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Spied by Satellite: Phytoplankton Factory in the Argentine Sea

In spring and summer, conditions are often just right for populations of the plant-like organisms explode into enormous blooms.

The Goldilocks zone typically refers to the habitable area around a star where conditions are right for the existence of liquid water and possibly life. But on Earth, the South Atlantic Ocean has its own kind of Goldilocks zone. In spring and summer, conditions in the Argentine Sea off Patagonia often become just right for phytoplankton, and populations of the plant-like organisms explode into enormous blooms.

In late 2020, satellite images started to show the colorful signature of phytoplankton blooms off the coast of Argentina and around the Falkland Islands (Islas Malvinas). Vivid greens and blues still swirled in the sea on January 5, 2021, when the Moderate Resolution Imaging Spectroradiometer (MODIS) on NASA’s Terra satellite acquired this natural-color image (above).

The Operational Land Imager (OLI) on Landsat 8 acquired the image below on January 2, 2021. It shows a detailed view of phytoplankton in Grande Bay, off of Argentina’s Santa Cruz province. Part of the Santa Cruz River is visible at the top-left.

Phytoplankton Grande Bay Annotated

January 2, 2021

Rivers like the Santa Cruz carry nutrients from the land and deliver them to the ocean, promoting phytoplankton growth. (Suspended sediment could be contributing some of the color visible in these images.) Another source of nutrients is dust from Patagonia, which strong westerly winds can carry offshore and drop on the ocean surface.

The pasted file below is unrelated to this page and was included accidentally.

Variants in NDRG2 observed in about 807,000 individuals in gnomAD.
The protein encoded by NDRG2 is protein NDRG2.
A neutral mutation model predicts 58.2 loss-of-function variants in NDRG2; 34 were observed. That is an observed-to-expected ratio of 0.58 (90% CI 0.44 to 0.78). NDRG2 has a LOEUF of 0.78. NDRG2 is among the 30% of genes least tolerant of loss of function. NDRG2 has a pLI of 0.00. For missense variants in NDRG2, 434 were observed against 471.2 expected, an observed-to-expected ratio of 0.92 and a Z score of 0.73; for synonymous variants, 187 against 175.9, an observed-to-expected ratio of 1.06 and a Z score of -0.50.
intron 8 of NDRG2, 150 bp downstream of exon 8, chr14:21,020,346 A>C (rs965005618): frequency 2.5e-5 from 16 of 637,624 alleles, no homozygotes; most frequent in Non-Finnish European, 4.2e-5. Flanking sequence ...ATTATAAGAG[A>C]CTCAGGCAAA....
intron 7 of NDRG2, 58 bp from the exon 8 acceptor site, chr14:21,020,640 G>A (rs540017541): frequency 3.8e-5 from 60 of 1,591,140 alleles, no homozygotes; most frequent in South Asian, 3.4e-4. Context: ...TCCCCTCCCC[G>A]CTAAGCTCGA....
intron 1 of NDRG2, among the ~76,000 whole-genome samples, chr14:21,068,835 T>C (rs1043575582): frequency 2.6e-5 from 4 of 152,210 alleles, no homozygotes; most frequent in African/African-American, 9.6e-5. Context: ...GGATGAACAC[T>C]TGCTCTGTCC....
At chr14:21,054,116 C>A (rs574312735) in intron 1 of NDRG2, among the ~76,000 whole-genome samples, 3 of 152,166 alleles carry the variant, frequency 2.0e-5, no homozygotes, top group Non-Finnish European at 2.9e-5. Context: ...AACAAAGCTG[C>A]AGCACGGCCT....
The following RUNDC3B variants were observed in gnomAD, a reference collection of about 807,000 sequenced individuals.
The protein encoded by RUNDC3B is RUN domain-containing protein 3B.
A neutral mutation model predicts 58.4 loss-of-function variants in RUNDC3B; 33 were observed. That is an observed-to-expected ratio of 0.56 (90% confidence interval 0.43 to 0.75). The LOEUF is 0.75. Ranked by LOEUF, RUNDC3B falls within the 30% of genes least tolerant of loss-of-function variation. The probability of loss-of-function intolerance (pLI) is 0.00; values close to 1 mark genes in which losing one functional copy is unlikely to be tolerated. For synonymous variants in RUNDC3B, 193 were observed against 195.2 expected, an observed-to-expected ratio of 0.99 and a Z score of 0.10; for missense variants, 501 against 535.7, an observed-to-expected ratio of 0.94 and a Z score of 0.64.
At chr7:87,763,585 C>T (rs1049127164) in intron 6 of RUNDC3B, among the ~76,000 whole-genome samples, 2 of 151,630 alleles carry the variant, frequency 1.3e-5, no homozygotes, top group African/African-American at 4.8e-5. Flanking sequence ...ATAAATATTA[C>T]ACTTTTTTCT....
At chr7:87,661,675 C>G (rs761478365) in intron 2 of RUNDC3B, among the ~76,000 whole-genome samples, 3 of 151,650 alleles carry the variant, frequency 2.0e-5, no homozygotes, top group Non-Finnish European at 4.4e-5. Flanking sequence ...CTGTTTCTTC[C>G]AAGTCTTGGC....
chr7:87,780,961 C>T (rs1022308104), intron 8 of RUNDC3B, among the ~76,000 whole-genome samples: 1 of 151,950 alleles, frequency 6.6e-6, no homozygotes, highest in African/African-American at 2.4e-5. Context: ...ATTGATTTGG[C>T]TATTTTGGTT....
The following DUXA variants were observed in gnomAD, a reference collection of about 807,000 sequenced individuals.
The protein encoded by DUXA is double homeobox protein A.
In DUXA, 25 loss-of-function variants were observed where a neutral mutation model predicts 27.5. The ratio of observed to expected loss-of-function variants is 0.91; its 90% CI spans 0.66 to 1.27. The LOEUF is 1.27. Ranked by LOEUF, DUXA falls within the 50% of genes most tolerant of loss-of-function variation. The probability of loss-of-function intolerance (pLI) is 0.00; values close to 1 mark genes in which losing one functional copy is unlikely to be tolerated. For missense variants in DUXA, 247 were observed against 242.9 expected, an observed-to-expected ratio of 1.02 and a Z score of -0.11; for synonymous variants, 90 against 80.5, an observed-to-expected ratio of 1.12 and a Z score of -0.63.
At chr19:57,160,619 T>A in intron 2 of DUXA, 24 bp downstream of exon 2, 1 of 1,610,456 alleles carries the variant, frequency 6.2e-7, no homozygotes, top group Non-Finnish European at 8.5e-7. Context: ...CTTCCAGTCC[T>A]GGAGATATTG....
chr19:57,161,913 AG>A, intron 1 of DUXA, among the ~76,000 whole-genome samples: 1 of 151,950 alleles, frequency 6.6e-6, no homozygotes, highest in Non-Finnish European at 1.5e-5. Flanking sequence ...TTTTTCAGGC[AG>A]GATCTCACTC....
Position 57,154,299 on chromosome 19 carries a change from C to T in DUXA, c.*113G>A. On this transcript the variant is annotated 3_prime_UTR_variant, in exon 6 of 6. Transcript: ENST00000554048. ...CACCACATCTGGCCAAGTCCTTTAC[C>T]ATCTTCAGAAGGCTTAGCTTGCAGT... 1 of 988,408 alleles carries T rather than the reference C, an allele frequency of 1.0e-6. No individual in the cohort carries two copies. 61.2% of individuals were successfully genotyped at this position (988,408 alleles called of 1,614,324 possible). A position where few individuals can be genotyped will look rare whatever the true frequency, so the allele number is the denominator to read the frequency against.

But phytoplankton blooms are also stimulated by the ocean’s complex circulation patterns and abundant fronts—where separate water masses (with distinct temperatures, saltiness, and nutrients) meet. At the Brazil-Malvinas Confluence, for example, warm, saltier tropical waters flow south and meet the cooler, fresher waters flowing north from the Southern Ocean. Along a front, the rising of a less-dense water mass can carry nutrients up to the surface, where phytoplankton also have ample sunlight to fuel their growth.

Without a physical sample, it’s not possible to say for sure which type of phytoplankton are present in these images. Scientists found dinoflagellates (Prorocentrum minimum) while collecting samples during an intense bloom in spring 2005; diatoms (Chaetocceros debilis) dominated a bloom in early summer 2003. Both phytoplankton groups tend to appear various shades of green in satellite images. In December 2008, scientists also found a dense bloom of coccolithophores (Emiliania huxleyi), which tend to turn the ocean a chalky green-blue.

Notice the color gradients across the images. Bright green areas could be a mix of dinoflagellates, diatoms, and coccolithophores; in the bluer areas, coccolithophores likely dominate. Coccolithophores can continue to grow in waters where iron has been depleted, whereas diatoms need both silicate and iron.

Whichever species were blooming, their abundance indicates the biological richness along Patagonia’s continental shelf, which is the site of some of the world’s richest fisheries.

NASA Earth Observatory images by Lauren Dauphin, using Landsat data from the U.S. Geological Survey and using MODIS data from NASA EOSDIS LANCE and GIBS/Worldview. Story by Kathryn Hansen, with image interpretation from Barney Balch (Bigelow Laboratory for Ocean Sciences), Ana Dogliotti (Institute for Astronomy and Space Physics-CONICET/UBA), and Vivian Lutz (CONICET/INIDEP).


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